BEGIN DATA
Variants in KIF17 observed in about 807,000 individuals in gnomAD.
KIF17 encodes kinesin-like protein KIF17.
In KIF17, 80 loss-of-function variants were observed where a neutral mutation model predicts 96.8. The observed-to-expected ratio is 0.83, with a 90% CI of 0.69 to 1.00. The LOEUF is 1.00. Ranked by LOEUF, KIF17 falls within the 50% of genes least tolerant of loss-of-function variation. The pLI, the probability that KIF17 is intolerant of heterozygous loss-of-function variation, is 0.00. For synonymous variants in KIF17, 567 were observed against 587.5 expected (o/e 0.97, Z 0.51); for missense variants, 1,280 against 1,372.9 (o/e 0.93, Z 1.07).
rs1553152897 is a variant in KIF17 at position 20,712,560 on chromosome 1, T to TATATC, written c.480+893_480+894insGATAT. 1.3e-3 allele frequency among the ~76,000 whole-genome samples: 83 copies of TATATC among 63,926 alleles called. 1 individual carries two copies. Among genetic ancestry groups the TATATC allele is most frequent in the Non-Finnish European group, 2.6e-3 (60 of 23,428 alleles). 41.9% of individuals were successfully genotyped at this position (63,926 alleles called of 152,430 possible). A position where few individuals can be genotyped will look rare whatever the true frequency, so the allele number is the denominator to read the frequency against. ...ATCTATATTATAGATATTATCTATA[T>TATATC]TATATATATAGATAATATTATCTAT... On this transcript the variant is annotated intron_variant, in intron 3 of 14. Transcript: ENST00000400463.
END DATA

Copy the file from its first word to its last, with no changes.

Variants in KIF17 observed in about 807,000 individuals in gnomAD.
KIF17 encodes kinesin-like protein KIF17.
In KIF17, 80 loss-of-function variants were observed where a neutral mutation model predicts 96.8. The observed-to-expected ratio is 0.83, with a 90% CI of 0.69 to 1.00. The LOEUF is 1.00. Ranked by LOEUF, KIF17 falls within the 50% of genes least tolerant of loss-of-function variation. The pLI, the probability that KIF17 is intolerant of heterozygous loss-of-function variation, is 0.00. For synonymous variants in KIF17, 567 were observed against 587.5 expected (o/e 0.97, Z 0.51); for missense variants, 1,280 against 1,372.9 (o/e 0.93, Z 1.07).
rs1553152897 is a variant in KIF17 at position 20,712,560 on chromosome 1, T to TATATC, written c.480+893_480+894insGATAT. 1.3e-3 allele frequency among the ~76,000 whole-genome samples: 83 copies of TATATC among 63,926 alleles called. 1 individual carries two copies. Among genetic ancestry groups the TATATC allele is most frequent in the Non-Finnish European group, 2.6e-3 (60 of 23,428 alleles). 41.9% of individuals were successfully genotyped at this position (63,926 alleles called of 152,430 possible). A position where few individuals can be genotyped will look rare whatever the true frequency, so the allele number is the denominator to read the frequency against. ...ATCTATATTATAGATATTATCTATA[T>TATATC]TATATATATAGATAATATTATCTAT... On this transcript the variant is annotated intron_variant, in intron 3 of 14. Transcript: ENST00000400463.